Dave Harrity – Making Manifest [Feature Review]

May 17, 2013 — 1 Comment

 

Dave HarritySlowly Creating Well

A Feature Review of

Making Manifest: On Faith Creativity and the Kingdom at Hand
Dave Harrity

Paperback: Seedbed Publishing, 2013
Buy now:  [ Seedbed ]

Reviewed by Sam Edgin

 

Dave Harrity’s Making Manifest had two strikes against it by the time I had finished the introduction (“to begin” on pp. xi-xv). First, it is arranged as a combined group study and personal devotional. This form –  a youth group staple –  specializes mainly in covers splashed with either neon or explosions, faux-edgy graphic design swirling about cool praying teens, and a troubling overuse of phrases like “chew,” “the meat,” and “on-fire.”  It also has an unhealthy preoccupation with the almighty “you,” and with writing on pre-printed lines at the end of each day/chapter.

 

My second – and I admit, needlessly personal –  issue with Making Manifest is that latter feature. I hate writing in books. Anything that mars the original condition of a book flares compulsion within me. Dog-earing is a cardinal sin; highlighting, an offense to nature. I read trade paperbacks through a thin V of pages in order to avoid breaking spines. Within the introduction of Making Manifest Dave Harrity asked me to do all those things. “There’s space for you to write… crack the spine so the book rests flat, dog-ear, sketch and scratch,” He says (xiv). I almost flipped the book to the floor in frustration.

But, a quality book review demands the reading of more than the introduction, so I persevered. It was good I did. Harrity’s book is more than its trappings, and was worth momentarily setting aside my ridiculous peeves. It is a noble attempt to get Christians to truly engage with creativity through admirable modes like words, stillness, and practice.

 

Making Manifest is arranged into four week-long sections which divide 28 daily readings and their accompanying exercises. Each section is introduced with a poem by Harrity. Often the poems are used in the exercises – he asks us to pick out lines we like, identify parts we hate, and mull over line breaks and the absence of rhymes. Usually the chapters are headed by pieces of scripture.

 

The art with which Dave Harrity works the reader – and simultaneous writer – towards the heart of the book is impressive. Ultimately, he wants to introduce those of us scrambling like pinballs through fast food lives to the peace of writing as discipline; and, once introduced, to have the impetus to create well in our faith communities and neighborhoods.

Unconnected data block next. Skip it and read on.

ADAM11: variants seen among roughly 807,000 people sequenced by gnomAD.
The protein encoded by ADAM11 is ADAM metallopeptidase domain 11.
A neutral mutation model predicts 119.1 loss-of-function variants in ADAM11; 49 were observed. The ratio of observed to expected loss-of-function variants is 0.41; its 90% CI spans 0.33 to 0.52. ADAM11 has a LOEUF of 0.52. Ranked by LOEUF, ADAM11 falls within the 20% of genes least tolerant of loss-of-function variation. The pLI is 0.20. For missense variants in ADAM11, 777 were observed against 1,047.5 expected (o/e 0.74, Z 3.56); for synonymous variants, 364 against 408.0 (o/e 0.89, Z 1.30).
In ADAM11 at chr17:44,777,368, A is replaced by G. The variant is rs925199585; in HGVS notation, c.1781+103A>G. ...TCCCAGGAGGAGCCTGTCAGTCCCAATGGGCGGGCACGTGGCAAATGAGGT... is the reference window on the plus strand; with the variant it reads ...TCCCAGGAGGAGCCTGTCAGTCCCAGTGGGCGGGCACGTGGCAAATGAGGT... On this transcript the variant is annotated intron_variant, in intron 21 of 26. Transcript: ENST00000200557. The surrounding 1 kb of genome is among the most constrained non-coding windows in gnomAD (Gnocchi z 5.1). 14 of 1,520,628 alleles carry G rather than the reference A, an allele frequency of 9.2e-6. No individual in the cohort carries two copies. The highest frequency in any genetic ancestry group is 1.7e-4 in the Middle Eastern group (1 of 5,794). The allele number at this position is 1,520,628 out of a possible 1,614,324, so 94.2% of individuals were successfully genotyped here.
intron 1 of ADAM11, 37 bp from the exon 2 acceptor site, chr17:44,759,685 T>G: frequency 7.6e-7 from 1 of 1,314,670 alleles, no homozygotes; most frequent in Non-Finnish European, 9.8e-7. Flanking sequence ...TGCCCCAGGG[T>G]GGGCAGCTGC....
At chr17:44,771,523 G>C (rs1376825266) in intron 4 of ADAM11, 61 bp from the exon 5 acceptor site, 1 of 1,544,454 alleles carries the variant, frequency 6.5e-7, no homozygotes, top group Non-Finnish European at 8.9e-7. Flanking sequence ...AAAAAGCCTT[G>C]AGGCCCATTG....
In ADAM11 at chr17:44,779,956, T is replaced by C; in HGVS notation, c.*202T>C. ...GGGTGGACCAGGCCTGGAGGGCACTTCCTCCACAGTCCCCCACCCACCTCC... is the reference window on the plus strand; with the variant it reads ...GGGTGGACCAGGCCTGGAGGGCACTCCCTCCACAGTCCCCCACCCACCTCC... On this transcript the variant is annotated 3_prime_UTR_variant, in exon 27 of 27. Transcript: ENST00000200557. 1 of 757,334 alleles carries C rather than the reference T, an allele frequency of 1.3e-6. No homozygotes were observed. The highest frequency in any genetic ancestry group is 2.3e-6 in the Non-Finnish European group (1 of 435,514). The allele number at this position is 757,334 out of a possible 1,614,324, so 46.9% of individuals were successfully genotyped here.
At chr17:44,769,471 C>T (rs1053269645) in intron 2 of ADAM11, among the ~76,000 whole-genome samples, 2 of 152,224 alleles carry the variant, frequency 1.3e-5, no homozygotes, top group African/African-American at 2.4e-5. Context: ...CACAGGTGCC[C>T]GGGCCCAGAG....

He starts slow. The first entries begin to explore potential, awareness and moment, all reinforced with ideas of God as creator and scripture as poetry. The exercises ask what we see in the world and inside ourselves. They have set limits. Sometimes he asks us to write just ten sentences. By the seventh chapter (and exercise) – which is the end of the first week if we happen to be doing this daily – he starts to talk about actively creating, framing the act of creation as a spiritual discipline. It is here you try your first hand at poetry. He provides the opening line and the subject. We fill in the rest. There are three requirements: it must be ten lines, titled awakening, and it is not allowed to rhyme.

 

The following chapters really dive into what is probably best described as a theology of creation. Devotion, the power of language, and love and incarnation as initially creative forces are a few of the ideas strung out before you as the week goes on.

 

By the end of the second week we are once again scrawling out your own poetry. Again, he gives a subject, a starting line (“only if you need it. And it’s the last one you’re gonna get!”), and the familiar ten-lines and no rhyming requirement, along with an insistence to include “at least three similes,” one of which must be about kissing. By this second poem we feel like we’re getting the hang of things.

 

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